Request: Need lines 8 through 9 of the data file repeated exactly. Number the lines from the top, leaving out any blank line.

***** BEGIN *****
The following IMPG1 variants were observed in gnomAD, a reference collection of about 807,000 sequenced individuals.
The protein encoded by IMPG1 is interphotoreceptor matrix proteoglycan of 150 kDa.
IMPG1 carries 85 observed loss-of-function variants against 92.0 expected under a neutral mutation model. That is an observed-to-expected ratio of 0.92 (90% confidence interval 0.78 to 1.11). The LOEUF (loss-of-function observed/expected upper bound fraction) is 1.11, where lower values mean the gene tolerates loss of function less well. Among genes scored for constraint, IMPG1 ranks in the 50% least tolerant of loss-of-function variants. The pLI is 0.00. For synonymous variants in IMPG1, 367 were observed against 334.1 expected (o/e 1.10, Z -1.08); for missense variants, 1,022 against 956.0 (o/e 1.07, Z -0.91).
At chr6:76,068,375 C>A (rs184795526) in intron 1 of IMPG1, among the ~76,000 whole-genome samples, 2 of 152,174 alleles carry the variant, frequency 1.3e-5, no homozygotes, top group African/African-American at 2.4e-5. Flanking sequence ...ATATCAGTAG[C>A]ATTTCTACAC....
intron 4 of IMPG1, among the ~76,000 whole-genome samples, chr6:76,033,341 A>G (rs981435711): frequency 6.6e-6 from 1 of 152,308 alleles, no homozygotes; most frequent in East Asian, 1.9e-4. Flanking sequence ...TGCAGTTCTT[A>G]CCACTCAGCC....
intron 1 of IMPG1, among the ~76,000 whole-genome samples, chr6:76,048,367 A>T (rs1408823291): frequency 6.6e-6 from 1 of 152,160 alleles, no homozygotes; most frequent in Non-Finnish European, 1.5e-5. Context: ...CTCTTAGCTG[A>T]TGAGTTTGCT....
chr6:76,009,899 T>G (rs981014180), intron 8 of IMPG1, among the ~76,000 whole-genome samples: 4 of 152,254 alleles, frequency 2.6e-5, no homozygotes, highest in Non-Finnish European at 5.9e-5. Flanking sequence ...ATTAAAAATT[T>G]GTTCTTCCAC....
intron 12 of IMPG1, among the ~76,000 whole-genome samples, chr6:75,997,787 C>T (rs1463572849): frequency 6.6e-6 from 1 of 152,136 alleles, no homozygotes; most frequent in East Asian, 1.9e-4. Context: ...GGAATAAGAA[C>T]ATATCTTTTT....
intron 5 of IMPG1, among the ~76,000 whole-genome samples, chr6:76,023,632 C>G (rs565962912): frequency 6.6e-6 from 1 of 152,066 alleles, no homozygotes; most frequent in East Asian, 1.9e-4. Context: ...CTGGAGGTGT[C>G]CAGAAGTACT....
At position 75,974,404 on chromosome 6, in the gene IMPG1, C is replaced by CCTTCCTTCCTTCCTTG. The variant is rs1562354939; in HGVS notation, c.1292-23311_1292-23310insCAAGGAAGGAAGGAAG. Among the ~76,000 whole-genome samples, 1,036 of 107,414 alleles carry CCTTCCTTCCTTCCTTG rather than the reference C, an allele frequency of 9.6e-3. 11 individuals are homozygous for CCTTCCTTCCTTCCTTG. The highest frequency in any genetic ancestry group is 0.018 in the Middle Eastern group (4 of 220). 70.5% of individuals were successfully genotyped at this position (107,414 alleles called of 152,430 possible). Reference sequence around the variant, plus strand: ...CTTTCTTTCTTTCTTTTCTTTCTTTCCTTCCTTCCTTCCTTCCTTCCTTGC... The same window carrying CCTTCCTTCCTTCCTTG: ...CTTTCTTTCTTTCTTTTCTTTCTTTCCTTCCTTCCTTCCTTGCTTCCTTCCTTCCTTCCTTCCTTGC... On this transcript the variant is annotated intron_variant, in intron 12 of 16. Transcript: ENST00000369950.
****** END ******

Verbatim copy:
intron 12 of IMPG1, among the ~76,000 whole-genome samples, chr6:75,997,787 C>T (rs1463572849): frequency 6.6e-6 from 1 of 152,136 alleles, no homozygotes; most frequent in East Asian, 1.9e-4. Context: ...GGAATAAGAA[C>T]ATATCTTTTT....
intron 5 of IMPG1, among the ~76,000 whole-genome samples, chr6:76,023,632 C>G (rs565962912): frequency 6.6e-6 from 1 of 152,066 alleles, no homozygotes; most frequent in East Asian, 1.9e-4. Context: ...CTGGAGGTGT[C>G]CAGAAGTACT....